Mozambique has more than 600 recorded bird species, yet is a largely unexplored region for bird-watchers due to its turbulent history. Now that is changing. This pristine wilderness area is at the centre of efforts by the Peace Parks Foundation to protect the wildlife and ecosystems of the surrounding Maputaland area, and to form links between marine, coastal and inland areas.

Listed as one of the earth’s 36 biologically richest and most endangered eco-regions, Maputo Special Reserve is rich in flora because of the fertile soil, with a mix of environments ranging from savannah, closed forest and coastal vegetation including giant dunes. Once famous for its vast herds of elephants that migrated from the Tembe Reserve in South Africa along the Futi Corridor, it also has hippo and crocodile as residents, with flocks of migratory flamingos and pelicans and many other bird species.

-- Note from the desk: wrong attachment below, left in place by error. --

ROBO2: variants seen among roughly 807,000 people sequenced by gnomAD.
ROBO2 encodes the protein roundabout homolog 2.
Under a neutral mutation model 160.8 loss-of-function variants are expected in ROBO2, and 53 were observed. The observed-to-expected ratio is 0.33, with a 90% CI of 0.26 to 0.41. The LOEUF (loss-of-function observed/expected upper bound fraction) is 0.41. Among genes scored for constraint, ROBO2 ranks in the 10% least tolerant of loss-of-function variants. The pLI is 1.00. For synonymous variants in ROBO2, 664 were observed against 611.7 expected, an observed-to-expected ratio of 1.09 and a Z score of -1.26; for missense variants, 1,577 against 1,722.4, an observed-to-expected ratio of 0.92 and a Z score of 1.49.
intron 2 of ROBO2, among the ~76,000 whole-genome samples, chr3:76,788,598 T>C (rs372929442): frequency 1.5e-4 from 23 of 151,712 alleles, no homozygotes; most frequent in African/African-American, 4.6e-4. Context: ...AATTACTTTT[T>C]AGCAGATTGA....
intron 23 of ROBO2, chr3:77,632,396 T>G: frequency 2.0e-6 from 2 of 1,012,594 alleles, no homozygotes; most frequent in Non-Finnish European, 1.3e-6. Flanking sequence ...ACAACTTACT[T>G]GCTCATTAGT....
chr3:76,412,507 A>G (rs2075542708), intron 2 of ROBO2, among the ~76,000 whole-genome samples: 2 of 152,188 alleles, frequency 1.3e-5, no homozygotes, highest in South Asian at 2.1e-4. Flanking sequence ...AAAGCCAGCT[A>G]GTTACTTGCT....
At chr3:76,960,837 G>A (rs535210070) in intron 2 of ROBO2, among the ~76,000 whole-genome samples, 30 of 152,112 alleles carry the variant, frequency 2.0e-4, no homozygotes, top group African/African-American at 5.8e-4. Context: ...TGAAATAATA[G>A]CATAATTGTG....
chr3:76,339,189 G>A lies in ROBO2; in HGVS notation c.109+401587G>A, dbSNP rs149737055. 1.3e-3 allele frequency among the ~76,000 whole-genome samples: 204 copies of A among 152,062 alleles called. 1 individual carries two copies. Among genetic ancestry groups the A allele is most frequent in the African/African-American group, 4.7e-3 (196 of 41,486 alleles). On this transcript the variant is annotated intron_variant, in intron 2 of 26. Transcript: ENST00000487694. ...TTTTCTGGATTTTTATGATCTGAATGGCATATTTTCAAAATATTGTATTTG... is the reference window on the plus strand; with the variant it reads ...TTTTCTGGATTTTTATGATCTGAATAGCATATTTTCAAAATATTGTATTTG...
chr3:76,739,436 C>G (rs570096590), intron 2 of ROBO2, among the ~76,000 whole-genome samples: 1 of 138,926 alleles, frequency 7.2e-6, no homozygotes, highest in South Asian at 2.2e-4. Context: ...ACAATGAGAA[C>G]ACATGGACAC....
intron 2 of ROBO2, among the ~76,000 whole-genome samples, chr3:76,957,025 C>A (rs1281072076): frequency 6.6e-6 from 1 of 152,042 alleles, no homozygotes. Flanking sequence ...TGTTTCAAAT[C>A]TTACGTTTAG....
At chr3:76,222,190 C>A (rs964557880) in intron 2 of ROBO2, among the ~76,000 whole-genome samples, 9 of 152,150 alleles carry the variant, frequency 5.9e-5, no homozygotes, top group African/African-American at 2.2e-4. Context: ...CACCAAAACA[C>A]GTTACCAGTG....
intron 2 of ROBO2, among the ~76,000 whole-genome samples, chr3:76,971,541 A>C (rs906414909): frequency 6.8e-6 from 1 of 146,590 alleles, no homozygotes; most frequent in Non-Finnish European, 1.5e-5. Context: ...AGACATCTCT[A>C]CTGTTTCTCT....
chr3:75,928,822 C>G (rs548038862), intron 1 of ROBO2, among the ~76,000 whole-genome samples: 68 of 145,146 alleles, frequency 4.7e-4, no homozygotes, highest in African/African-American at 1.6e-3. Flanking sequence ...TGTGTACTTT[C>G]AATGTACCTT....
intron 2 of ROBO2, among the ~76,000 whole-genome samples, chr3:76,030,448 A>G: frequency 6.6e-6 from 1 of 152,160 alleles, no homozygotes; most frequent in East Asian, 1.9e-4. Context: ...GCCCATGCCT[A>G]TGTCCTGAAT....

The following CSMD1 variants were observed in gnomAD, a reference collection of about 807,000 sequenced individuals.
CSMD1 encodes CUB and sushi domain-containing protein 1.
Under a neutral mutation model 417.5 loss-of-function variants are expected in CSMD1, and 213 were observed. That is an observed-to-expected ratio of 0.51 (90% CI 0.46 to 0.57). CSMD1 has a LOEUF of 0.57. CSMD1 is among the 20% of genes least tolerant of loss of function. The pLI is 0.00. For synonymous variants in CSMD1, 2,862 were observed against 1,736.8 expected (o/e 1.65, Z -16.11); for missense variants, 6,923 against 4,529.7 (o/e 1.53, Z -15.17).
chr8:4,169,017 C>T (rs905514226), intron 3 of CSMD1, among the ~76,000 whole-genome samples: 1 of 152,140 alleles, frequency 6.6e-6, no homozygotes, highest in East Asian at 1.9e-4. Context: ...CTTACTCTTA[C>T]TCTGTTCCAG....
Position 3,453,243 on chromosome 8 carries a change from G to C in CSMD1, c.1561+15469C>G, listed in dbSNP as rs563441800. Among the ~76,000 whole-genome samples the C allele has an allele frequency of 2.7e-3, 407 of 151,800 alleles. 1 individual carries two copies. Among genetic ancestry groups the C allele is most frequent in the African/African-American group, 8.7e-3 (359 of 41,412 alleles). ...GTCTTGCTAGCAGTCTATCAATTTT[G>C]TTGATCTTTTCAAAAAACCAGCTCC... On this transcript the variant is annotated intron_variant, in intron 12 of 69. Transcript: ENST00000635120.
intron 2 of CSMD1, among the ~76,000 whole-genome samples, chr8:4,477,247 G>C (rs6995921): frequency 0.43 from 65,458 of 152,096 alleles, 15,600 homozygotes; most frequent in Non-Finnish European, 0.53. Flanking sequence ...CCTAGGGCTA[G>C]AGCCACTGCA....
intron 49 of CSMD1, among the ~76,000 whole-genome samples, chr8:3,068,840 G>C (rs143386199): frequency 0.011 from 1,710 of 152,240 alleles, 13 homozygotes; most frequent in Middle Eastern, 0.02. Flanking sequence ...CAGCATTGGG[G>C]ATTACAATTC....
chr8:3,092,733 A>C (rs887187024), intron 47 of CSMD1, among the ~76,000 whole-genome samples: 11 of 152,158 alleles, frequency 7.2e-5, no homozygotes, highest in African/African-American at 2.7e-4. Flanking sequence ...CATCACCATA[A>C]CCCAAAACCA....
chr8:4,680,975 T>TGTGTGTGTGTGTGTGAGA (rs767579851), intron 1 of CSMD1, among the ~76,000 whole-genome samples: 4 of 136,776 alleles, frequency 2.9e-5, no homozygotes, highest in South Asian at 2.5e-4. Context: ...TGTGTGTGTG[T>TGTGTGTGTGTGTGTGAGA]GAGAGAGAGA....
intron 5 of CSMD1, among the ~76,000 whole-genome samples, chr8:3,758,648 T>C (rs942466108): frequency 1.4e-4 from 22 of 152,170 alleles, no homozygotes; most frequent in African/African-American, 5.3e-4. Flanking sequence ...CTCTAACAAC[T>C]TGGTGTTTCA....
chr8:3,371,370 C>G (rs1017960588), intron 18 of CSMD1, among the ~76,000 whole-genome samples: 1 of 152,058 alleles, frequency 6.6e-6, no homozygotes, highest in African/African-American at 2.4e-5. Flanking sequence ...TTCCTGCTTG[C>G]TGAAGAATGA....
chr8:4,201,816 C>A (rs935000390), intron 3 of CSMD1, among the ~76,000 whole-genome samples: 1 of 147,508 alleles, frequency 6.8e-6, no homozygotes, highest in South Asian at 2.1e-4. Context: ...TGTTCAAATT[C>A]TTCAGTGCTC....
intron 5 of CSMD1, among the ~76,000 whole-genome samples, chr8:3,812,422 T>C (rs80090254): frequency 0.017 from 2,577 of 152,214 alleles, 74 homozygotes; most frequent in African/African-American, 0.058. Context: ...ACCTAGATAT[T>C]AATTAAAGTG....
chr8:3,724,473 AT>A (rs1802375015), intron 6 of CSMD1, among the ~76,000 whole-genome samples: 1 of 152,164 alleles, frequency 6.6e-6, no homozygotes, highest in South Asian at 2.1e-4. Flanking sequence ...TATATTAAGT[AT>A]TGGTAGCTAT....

As one of the largest flying birds in the world, pelicans can cover long distances, often travelling in flocks in a V-formation to reduce drag for the group. Populations of the Great White pelican migrate here to breed, attracted by the shallow swamps of the Maputo Special Reserve. Nesting in large colonies, this landscape is perfect for them. There is plenty of room to make their nests in scrapes in the ground, and an abundant food supply.

A healthy ecosystem means that these shallow pans will be teeming with fish. The chicks you see here, with grey dark flight feathers, feed mainly on fish such as carp and cichlids but also small invertebrates.

The survival of migratory birds depends on the availability of well-connected networks of habitats along their routes, which they use for feeding and resting. For more than two decades, Peace Parks Foundation has worked to restore ecological linkages across southern Africa for land, marine and bird life through the creation of transboundary conservation areas.

In a time when humans are experiencing extreme social distancing and many are bound to their homes, birds remind us that we are still all connected. As they freely fly across our skies, we celebrate their role in keeping our ecosystems alive and let our imaginations follow them as they explore our planet.